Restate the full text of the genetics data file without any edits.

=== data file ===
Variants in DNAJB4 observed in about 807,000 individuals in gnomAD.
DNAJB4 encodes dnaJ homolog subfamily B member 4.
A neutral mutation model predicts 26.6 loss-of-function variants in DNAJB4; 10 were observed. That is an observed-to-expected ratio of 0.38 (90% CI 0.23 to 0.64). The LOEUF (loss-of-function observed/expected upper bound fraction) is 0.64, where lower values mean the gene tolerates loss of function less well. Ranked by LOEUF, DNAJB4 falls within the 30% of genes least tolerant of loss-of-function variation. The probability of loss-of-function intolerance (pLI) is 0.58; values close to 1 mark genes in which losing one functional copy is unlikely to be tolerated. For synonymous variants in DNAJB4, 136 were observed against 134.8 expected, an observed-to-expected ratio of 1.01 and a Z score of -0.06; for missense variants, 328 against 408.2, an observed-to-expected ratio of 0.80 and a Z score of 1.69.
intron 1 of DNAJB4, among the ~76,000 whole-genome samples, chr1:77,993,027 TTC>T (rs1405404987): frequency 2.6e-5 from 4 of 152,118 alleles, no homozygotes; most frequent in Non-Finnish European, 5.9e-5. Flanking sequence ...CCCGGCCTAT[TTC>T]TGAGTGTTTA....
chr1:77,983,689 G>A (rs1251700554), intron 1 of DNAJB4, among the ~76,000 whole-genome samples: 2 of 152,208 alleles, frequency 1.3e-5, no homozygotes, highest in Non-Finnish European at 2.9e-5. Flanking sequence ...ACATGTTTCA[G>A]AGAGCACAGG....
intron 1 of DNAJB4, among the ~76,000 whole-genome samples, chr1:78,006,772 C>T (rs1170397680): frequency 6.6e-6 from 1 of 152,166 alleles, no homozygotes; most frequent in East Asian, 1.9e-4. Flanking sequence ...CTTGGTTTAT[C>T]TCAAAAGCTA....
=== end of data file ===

Variants in DNAJB4 observed in about 807,000 individuals in gnomAD.
DNAJB4 encodes dnaJ homolog subfamily B member 4.
A neutral mutation model predicts 26.6 loss-of-function variants in DNAJB4; 10 were observed. That is an observed-to-expected ratio of 0.38 (90% CI 0.23 to 0.64). The LOEUF (loss-of-function observed/expected upper bound fraction) is 0.64, where lower values mean the gene tolerates loss of function less well. Ranked by LOEUF, DNAJB4 falls within the 30% of genes least tolerant of loss-of-function variation. The probability of loss-of-function intolerance (pLI) is 0.58; values close to 1 mark genes in which losing one functional copy is unlikely to be tolerated. For synonymous variants in DNAJB4, 136 were observed against 134.8 expected, an observed-to-expected ratio of 1.01 and a Z score of -0.06; for missense variants, 328 against 408.2, an observed-to-expected ratio of 0.80 and a Z score of 1.69.
intron 1 of DNAJB4, among the ~76,000 whole-genome samples, chr1:77,993,027 TTC>T (rs1405404987): frequency 2.6e-5 from 4 of 152,118 alleles, no homozygotes; most frequent in Non-Finnish European, 5.9e-5. Flanking sequence ...CCCGGCCTAT[TTC>T]TGAGTGTTTA....
chr1:77,983,689 G>A (rs1251700554), intron 1 of DNAJB4, among the ~76,000 whole-genome samples: 2 of 152,208 alleles, frequency 1.3e-5, no homozygotes, highest in Non-Finnish European at 2.9e-5. Flanking sequence ...ACATGTTTCA[G>A]AGAGCACAGG....
intron 1 of DNAJB4, among the ~76,000 whole-genome samples, chr1:78,006,772 C>T (rs1170397680): frequency 6.6e-6 from 1 of 152,166 alleles, no homozygotes; most frequent in East Asian, 1.9e-4. Flanking sequence ...CTTGGTTTAT[C>T]TCAAAAGCTA....